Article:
Women have come a long way and are now soaring new heights in every area, including the corporate world. However, women who express anger at work are viewed as out of control or as difficult people to work with. If a woman becomes angry over an unreasonable expectation or demand, she is thought to have an angry nature or temperament.
Whereas, a man’s angry reaction to the same event is attributed to circumstances outside of himself or beyond his control. In several studies, the relationship between anger, gender and status, both male and female evaluators conferred a lower status to angry women than to angry men. Men demonstrating expressions of anger over expressions of sadness are often perceived as more competent, but women demonstrating the same emotions encounter a negative reaction.
Dealing with prejudice
Anger is an emotional reaction to a real or perceived threat of some sort. It is a feeling accompanied by physiological changes in the body such as an increase in heart rate, flushing, headaches, or clenching our fists. It is our brain’s response to the threat of harm. Anger is ubiquitous in the workplace and gender-based perceptions due to socially prescribed norms, put working women in a difficult bind—they are often labelled as unreasonable, overly aggressive or out of control.
Workplace anger or disagreement does not include rage, but degrees of anger that develop out of ordinary interactions in the workplace. We can become mildly irritated over a fleeting annoyance or infuriated by a missed deadline. Even though anger is a common human emotion, we need to learn to manage it. Here’s what we can do.
Express, don’t suppress: Use assertive non-aggressive sentences to express disapproval. For example, “Joanne, I want you to stop making personal phone calls during work hours,” or “Kevin, I asked you to make arrangements for the meeting tomorrow, but I see that you have forgotten to reserve a room. This is the third time this month.”
Modulate your tone: Your tone of voice will have a lot to do with how someone hears your message. Being aware of how you sound—frustrated, distant, hostile, or mean—is important for a woman’s success at communicating anger.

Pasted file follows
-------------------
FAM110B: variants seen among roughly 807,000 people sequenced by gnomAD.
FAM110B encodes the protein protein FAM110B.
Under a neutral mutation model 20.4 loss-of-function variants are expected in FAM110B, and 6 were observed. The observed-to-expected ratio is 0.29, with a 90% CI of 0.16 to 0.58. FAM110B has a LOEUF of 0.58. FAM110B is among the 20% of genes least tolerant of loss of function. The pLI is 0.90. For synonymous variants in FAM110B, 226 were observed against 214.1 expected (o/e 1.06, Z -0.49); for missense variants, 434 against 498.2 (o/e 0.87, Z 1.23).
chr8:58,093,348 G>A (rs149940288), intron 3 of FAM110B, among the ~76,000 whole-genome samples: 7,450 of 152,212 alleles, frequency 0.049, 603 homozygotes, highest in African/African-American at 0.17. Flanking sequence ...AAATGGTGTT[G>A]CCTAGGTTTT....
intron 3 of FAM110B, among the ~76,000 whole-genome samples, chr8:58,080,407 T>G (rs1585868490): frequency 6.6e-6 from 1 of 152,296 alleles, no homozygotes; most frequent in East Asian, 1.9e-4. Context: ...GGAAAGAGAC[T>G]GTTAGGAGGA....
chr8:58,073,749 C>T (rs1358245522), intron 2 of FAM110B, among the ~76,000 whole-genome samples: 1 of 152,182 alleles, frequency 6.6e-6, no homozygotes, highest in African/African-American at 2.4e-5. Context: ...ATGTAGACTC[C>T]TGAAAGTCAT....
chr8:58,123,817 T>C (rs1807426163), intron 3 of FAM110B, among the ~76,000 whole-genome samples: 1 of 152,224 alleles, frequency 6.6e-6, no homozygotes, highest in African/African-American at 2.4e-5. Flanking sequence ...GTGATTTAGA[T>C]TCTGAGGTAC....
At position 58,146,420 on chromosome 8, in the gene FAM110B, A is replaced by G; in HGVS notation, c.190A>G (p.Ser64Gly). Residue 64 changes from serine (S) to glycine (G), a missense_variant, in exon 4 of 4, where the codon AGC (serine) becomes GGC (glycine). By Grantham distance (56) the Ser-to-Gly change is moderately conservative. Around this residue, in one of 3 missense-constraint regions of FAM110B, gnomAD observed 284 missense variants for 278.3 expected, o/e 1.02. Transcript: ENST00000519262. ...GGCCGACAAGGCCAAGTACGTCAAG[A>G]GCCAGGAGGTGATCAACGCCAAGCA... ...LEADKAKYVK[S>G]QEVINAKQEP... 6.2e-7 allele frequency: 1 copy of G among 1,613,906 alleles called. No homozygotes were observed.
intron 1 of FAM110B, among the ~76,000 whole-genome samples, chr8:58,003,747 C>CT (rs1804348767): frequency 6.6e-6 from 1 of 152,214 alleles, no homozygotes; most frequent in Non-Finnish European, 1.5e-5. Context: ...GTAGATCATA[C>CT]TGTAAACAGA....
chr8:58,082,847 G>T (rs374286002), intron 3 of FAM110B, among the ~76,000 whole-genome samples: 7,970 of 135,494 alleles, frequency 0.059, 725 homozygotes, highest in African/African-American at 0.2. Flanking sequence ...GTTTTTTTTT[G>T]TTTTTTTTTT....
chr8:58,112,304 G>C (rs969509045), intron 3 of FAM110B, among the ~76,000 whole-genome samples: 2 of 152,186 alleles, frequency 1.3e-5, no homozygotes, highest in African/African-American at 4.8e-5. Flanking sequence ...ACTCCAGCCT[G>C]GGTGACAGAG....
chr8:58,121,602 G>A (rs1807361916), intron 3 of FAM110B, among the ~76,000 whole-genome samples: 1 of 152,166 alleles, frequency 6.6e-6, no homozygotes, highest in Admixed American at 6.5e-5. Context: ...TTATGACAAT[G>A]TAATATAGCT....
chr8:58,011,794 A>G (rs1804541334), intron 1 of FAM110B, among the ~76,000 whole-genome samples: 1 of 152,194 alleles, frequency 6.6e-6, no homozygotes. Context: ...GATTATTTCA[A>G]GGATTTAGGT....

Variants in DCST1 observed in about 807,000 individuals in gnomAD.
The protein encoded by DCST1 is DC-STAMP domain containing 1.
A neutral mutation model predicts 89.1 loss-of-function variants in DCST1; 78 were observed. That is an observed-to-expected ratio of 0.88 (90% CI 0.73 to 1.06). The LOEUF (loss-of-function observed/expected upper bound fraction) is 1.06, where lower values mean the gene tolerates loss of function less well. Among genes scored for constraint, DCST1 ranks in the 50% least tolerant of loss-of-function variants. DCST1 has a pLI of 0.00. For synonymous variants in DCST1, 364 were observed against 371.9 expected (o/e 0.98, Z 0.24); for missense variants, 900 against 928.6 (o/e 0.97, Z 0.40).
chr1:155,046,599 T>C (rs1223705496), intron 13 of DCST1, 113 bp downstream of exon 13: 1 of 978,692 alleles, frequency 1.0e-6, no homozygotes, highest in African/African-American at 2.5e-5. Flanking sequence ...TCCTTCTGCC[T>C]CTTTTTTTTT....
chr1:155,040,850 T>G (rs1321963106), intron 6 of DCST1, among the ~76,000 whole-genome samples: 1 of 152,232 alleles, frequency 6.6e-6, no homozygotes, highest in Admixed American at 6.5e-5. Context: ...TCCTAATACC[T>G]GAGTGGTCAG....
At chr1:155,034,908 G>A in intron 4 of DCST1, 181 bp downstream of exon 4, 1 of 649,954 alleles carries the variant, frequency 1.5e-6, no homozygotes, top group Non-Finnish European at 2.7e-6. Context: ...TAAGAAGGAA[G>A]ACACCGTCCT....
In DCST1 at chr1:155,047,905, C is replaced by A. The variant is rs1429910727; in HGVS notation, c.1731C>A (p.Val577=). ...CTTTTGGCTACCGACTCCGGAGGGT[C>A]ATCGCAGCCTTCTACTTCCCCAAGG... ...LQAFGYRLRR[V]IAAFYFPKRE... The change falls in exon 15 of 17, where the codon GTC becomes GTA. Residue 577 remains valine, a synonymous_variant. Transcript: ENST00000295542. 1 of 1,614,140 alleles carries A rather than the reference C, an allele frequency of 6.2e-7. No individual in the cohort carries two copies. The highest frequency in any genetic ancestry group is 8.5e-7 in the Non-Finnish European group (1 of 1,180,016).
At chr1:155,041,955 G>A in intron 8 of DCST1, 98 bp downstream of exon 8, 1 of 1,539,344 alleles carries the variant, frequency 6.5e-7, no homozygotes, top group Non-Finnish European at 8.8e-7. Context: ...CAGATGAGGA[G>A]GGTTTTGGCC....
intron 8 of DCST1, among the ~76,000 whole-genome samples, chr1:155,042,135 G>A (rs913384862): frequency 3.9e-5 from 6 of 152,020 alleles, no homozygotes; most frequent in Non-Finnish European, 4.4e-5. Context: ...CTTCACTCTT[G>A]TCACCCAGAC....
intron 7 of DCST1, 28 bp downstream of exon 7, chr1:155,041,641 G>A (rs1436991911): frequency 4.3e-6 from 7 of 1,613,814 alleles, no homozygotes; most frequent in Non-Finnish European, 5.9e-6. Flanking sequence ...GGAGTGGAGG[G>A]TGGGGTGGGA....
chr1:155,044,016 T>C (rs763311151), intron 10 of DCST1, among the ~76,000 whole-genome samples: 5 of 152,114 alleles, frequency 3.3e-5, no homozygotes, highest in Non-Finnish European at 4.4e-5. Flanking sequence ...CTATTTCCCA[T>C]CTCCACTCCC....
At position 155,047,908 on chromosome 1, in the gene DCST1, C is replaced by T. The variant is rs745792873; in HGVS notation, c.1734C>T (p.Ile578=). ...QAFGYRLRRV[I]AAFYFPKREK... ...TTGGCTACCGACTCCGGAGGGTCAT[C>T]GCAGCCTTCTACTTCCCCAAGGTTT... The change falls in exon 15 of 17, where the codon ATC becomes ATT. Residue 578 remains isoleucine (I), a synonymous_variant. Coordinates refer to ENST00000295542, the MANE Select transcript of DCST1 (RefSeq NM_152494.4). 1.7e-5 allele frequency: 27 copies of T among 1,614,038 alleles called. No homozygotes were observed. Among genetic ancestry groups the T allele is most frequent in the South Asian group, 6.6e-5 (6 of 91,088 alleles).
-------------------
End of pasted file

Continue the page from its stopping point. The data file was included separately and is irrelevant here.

Don’t under-react: Carefully balance tendencies to under react, which can result in coming across as completely unemotional or cold. To avoid the “angry woman phenomenon,” women have to offer a credible explanation for their anger. One very powerful tactic is to offer a couple of straightforward sentences about why you are angry. This mitigates the tendency on the part of others to fall prey to the stereotypical “character flaw” explanation for your anger.
Divert the energy: It is also helpful to use the energy generated by anger in a proactive way. When you are the recipient of a hostile customer, for instance, remain calm but do not condescend. Focus on solving the problem, not on giving in. Walk away or call for assistance when you feel the frustration rising. With others who annoy you, communicating by making eye contact, feeling as relaxed as possible, paying attention and keeping an open mind helps to channel your tension from anger productively.
Don’t be taken for granted: Businesswomen sometimes encounter situations where colleagues, particularly men, think they know what a woman is going to say. This can be upsetting and irritating. It can be quite effective in this type of situations to ask, “Would you like to have this conversation by yourself?” “Because I’m not feeling like you are interested in what I have to say.”
While rage is never acceptable at work, openly expressing anger or discontent in some situations is now viewed as preferable to repressing it.
Increasing your awareness of angry feelings helps you cope with them appropriately. Ask yourself what type of events trigger my anger? Is it a verbal attack, unfair treatment, impediments to reaching goals, or excessive demands?
Finally, redirect the energy produced by the angry feelings into some other activity. Dealing with anger productively also means having the ability to forgive and forget once you have dealt with your feelings and the situation that produced them.
When men get angry
Not just women, even men suffer because of their anger—although physically. When angry at work, some men bottle up their anger. Studies conducted by Swedish researchers found that men who swallowed their anger at work were five times more likely to have a heart attack or die from heart disease, than men who openly express their angry feelings. Of particular interest are situations where men don’t confront co-workers perceived to have treated them unfairly. Turning the other cheek, or attempting to ignore the situation only increases the risk of heart disease. Reacting to unfair treatment by airing your grievance in a respectful, but clear way, such as, “I feel I have been treated unfairly because.” has been shown to reduce cardiovascular risk. While mentors may advise avoiding altercations with others at work, if you allow time to cool down, think through what you are really angry about, even write out your grievances, you can get a handle on the most important issue.
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